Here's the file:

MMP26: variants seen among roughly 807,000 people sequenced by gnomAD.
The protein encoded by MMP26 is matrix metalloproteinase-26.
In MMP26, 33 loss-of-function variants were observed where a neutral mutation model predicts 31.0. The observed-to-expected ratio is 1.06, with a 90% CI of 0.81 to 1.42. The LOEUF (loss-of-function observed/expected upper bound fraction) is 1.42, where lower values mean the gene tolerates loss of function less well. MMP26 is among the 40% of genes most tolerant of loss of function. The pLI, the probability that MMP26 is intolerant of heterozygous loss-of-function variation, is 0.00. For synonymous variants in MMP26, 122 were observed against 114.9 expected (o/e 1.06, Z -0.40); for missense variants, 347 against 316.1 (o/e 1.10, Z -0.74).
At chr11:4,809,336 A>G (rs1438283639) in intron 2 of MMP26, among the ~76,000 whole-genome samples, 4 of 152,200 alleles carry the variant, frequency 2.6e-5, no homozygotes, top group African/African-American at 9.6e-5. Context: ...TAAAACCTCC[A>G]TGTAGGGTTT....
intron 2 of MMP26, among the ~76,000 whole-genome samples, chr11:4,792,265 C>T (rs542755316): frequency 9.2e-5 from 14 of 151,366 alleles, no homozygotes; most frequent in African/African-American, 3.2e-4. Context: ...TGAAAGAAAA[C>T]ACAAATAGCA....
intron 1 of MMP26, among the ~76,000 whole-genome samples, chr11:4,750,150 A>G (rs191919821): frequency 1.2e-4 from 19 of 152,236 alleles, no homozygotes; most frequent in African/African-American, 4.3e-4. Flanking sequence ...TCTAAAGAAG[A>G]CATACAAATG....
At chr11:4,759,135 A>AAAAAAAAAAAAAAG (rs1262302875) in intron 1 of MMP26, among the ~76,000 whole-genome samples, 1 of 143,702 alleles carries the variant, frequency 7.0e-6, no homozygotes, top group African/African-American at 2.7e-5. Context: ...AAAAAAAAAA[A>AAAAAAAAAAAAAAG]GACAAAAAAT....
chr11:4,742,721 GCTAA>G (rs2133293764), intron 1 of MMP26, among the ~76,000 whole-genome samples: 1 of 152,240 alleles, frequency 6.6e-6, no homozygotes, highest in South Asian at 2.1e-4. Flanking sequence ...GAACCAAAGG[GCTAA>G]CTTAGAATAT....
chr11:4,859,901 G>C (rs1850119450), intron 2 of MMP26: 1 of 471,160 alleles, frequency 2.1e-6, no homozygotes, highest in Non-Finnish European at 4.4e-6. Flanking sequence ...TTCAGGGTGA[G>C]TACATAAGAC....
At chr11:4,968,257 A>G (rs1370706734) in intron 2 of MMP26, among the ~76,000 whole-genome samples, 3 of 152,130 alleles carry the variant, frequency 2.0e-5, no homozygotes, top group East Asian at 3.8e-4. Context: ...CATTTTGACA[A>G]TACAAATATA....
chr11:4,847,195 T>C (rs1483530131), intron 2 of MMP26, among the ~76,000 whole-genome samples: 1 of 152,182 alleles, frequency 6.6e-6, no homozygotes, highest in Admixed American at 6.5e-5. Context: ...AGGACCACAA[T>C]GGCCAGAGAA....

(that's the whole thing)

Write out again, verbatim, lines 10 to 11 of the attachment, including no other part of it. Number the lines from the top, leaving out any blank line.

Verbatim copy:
At chr11:4,968,257 A>G (rs1370706734) in intron 2 of MMP26, among the ~76,000 whole-genome samples, 3 of 152,130 alleles carry the variant, frequency 2.0e-5, no homozygotes, top group East Asian at 3.8e-4. Context: ...CATTTTGACA[A>G]TACAAATATA....
chr11:4,847,195 T>C (rs1483530131), intron 2 of MMP26, among the ~76,000 whole-genome samples: 1 of 152,182 alleles, frequency 6.6e-6, no homozygotes, highest in Admixed American at 6.5e-5. Context: ...AGGACCACAA[T>C]GGCCAGAGAA....